>Debt Ain’t What It Used to Be

This entry was posted by Monday, 19 November, 2007
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>“Living with increasingly higher levels of debt has become an accepted normal state of affairs considered an inevitable and likely permanent feature of everyday life.…The social stigma of high debt levels is largely gone,” says Robert D. Manning, PhD, economist and professor of finance at the Rochester Institute of Technology and the author of Credit Card Nation, in a 2005 study commission by LendingTree.com.

Manning has drawn a lot of attention since then for warning about a basic change in attitude among young consumers that leads many of them down “that slippery slope of financial insolvency.”

Generations ago, debt was a necessary evil at best and an indication of a character flaw at worst. But that was before the economic boom of 50 years ago, which released a demand for consumer goods that had been building steam during the hardships of the Great Depression and World War II.

The children of that boom learned to indulge themselves and passed that trait along to their children. In the process a desire to enjoy in a little luxury from time to time turned into a constant sense of entitlement. Now for example, says Manning, “Many students view the use of consumer credit as a reward for their hard work at school.”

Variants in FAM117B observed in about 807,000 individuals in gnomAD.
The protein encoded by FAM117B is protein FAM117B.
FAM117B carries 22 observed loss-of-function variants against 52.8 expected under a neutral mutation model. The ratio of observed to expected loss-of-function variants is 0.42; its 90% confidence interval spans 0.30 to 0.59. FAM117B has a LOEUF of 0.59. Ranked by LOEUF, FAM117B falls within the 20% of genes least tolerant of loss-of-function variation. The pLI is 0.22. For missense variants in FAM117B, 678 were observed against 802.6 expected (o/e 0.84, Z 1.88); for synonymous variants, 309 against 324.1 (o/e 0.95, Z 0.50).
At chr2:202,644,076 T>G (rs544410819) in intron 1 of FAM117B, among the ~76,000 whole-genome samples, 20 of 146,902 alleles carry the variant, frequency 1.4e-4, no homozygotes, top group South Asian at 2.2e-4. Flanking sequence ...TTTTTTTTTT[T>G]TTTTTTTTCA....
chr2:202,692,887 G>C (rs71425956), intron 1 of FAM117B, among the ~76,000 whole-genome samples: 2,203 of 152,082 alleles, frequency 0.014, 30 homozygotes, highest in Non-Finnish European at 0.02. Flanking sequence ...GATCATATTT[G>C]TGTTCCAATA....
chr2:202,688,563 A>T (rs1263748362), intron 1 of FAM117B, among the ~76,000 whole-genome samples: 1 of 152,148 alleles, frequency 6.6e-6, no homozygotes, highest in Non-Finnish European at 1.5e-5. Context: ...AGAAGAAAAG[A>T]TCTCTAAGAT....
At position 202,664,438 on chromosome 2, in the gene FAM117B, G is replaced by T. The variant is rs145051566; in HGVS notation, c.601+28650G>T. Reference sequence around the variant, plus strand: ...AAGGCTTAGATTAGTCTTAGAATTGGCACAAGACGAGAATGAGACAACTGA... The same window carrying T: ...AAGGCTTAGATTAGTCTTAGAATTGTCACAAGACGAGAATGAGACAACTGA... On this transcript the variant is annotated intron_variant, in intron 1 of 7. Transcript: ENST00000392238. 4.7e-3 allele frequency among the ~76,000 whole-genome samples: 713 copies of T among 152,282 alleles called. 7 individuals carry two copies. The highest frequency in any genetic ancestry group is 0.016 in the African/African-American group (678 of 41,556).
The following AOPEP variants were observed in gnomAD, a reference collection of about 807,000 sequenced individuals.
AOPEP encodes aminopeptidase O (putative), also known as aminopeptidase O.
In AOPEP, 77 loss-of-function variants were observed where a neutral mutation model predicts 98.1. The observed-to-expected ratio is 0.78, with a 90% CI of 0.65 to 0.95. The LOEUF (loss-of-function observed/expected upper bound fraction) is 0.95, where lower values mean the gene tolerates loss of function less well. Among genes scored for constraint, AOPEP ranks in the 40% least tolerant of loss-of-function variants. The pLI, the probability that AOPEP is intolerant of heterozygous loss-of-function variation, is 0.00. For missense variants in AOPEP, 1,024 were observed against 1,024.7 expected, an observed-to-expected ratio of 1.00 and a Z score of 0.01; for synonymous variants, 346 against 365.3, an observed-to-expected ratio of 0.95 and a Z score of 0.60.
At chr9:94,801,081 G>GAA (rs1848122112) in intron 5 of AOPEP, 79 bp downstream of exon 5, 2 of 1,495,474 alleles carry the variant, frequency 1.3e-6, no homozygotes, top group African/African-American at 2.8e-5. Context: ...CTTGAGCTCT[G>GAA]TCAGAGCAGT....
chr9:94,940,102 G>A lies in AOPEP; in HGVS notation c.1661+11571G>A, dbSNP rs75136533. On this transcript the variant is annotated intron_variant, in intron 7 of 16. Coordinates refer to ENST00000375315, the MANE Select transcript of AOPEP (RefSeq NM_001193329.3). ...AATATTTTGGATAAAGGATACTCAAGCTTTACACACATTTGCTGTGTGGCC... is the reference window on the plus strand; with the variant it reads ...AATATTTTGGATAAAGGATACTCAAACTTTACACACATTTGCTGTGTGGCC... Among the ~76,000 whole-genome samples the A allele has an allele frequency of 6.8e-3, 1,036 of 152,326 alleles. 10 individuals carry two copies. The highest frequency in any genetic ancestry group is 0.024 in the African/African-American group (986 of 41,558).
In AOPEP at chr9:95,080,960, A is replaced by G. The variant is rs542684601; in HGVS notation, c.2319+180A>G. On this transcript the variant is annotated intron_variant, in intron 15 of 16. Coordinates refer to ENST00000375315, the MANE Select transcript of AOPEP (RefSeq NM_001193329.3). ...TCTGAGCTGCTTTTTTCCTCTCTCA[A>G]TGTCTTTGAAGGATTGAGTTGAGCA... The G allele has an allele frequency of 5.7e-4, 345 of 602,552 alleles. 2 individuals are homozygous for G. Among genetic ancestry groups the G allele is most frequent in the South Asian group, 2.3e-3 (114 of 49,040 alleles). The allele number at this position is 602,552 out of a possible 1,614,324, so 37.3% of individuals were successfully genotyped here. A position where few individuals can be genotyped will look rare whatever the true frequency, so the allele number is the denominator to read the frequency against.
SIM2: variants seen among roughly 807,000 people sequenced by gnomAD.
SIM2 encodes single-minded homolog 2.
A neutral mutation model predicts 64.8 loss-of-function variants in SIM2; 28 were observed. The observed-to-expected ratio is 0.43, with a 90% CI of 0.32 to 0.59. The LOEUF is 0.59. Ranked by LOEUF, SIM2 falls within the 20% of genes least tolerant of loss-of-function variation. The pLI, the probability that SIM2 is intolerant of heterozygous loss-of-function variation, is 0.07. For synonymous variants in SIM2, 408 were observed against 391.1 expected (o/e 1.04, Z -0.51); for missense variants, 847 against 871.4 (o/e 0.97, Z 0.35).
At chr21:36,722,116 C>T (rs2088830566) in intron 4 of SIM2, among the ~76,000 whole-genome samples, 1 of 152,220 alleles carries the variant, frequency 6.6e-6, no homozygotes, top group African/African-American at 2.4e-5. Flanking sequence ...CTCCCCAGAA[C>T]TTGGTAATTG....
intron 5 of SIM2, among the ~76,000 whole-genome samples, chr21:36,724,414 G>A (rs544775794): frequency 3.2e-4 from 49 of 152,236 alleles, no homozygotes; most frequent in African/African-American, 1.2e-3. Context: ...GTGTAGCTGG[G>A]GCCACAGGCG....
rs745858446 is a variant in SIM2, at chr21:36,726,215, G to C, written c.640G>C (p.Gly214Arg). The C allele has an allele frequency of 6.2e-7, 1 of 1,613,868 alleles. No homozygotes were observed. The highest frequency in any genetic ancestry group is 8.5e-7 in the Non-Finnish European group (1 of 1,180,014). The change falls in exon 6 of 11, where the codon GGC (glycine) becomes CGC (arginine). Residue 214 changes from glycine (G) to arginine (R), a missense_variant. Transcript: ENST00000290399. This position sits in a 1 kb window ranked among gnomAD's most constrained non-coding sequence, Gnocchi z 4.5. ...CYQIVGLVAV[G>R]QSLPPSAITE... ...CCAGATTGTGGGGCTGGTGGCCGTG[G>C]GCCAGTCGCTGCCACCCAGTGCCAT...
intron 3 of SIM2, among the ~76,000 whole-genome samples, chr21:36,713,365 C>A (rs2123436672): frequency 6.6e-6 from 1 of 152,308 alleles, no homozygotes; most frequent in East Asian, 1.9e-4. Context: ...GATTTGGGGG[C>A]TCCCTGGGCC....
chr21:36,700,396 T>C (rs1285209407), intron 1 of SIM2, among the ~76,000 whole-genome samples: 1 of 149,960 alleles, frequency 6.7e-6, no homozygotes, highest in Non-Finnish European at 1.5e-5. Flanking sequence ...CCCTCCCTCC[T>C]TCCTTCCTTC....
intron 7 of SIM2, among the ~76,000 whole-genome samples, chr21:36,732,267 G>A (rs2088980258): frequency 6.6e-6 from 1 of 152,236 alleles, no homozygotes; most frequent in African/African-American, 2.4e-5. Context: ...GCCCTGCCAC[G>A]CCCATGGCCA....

What is particularly troubling is the apparent loss of a reality check on Gen Y expectations. Manning notes, “Relatively high starting and early-career salaries among young adults (who have not experienced major macro-economic fluctuations) have created a heightened sense of optimism about future earnings potential.”

Given that many 20-year-olds don’t make a distinction between what they need and what they want, preaching a sermon of sacrifice is unlikely to make many converts to personal financial planning.

What can a financial educator do to motivate young adults?

One Response to “>Debt Ain’t What It Used to Be”

  1. Dani T

    >What can a financial educator do?? I ask myself that frequently (I am the financial educator at my credit union). I find that there are two topics that are most successful to present to youth 16-22. The first is the cost of credit, and once you rack up credit card debt, how long (and hard) it is to pay down. The second is to see different examples of what they could save today and have tomorrow. It really hits home when I show what can happen if you wait to save. I then try to roll that back into credit and debt by explaining the more debt you incur, the harder it will be to save now– and become rich later!


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